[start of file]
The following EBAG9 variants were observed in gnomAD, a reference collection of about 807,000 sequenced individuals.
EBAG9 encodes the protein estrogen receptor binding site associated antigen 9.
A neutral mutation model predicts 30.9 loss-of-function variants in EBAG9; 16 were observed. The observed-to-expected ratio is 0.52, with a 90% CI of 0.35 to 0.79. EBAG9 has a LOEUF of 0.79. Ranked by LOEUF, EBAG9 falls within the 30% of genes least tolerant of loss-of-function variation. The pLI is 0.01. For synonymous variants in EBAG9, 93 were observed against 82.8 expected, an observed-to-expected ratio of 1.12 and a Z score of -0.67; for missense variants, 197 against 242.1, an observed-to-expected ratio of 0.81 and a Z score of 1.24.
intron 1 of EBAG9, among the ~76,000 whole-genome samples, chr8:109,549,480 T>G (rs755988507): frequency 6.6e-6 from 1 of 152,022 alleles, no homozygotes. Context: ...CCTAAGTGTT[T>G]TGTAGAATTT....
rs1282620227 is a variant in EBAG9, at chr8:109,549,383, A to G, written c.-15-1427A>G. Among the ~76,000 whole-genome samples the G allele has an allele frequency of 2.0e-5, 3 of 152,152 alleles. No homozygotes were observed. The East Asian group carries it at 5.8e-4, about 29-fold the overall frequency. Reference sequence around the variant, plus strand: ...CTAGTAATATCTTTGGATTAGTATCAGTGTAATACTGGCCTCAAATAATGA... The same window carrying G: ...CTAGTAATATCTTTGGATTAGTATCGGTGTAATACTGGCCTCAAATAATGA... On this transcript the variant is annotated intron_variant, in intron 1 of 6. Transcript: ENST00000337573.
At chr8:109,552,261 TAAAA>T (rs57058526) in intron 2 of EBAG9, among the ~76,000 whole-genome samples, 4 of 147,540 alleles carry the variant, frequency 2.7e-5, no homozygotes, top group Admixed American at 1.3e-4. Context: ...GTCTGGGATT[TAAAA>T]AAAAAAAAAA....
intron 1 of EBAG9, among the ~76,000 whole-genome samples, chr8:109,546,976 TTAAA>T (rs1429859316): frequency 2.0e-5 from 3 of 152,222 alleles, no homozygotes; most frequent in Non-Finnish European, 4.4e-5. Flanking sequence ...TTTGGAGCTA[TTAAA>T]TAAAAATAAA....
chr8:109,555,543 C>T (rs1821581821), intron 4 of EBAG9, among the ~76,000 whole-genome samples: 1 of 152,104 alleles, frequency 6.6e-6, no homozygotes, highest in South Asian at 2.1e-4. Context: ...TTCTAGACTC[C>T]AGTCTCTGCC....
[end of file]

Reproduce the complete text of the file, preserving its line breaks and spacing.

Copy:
The following EBAG9 variants were observed in gnomAD, a reference collection of about 807,000 sequenced individuals.
EBAG9 encodes the protein estrogen receptor binding site associated antigen 9.
A neutral mutation model predicts 30.9 loss-of-function variants in EBAG9; 16 were observed. The observed-to-expected ratio is 0.52, with a 90% CI of 0.35 to 0.79. EBAG9 has a LOEUF of 0.79. Ranked by LOEUF, EBAG9 falls within the 30% of genes least tolerant of loss-of-function variation. The pLI is 0.01. For synonymous variants in EBAG9, 93 were observed against 82.8 expected, an observed-to-expected ratio of 1.12 and a Z score of -0.67; for missense variants, 197 against 242.1, an observed-to-expected ratio of 0.81 and a Z score of 1.24.
intron 1 of EBAG9, among the ~76,000 whole-genome samples, chr8:109,549,480 T>G (rs755988507): frequency 6.6e-6 from 1 of 152,022 alleles, no homozygotes. Context: ...CCTAAGTGTT[T>G]TGTAGAATTT....
rs1282620227 is a variant in EBAG9, at chr8:109,549,383, A to G, written c.-15-1427A>G. Among the ~76,000 whole-genome samples the G allele has an allele frequency of 2.0e-5, 3 of 152,152 alleles. No homozygotes were observed. The East Asian group carries it at 5.8e-4, about 29-fold the overall frequency. Reference sequence around the variant, plus strand: ...CTAGTAATATCTTTGGATTAGTATCAGTGTAATACTGGCCTCAAATAATGA... The same window carrying G: ...CTAGTAATATCTTTGGATTAGTATCGGTGTAATACTGGCCTCAAATAATGA... On this transcript the variant is annotated intron_variant, in intron 1 of 6. Transcript: ENST00000337573.
At chr8:109,552,261 TAAAA>T (rs57058526) in intron 2 of EBAG9, among the ~76,000 whole-genome samples, 4 of 147,540 alleles carry the variant, frequency 2.7e-5, no homozygotes, top group Admixed American at 1.3e-4. Context: ...GTCTGGGATT[TAAAA>T]AAAAAAAAAA....
intron 1 of EBAG9, among the ~76,000 whole-genome samples, chr8:109,546,976 TTAAA>T (rs1429859316): frequency 2.0e-5 from 3 of 152,222 alleles, no homozygotes; most frequent in Non-Finnish European, 4.4e-5. Flanking sequence ...TTTGGAGCTA[TTAAA>T]TAAAAATAAA....
chr8:109,555,543 C>T (rs1821581821), intron 4 of EBAG9, among the ~76,000 whole-genome samples: 1 of 152,104 alleles, frequency 6.6e-6, no homozygotes, highest in South Asian at 2.1e-4. Context: ...TTCTAGACTC[C>T]AGTCTCTGCC....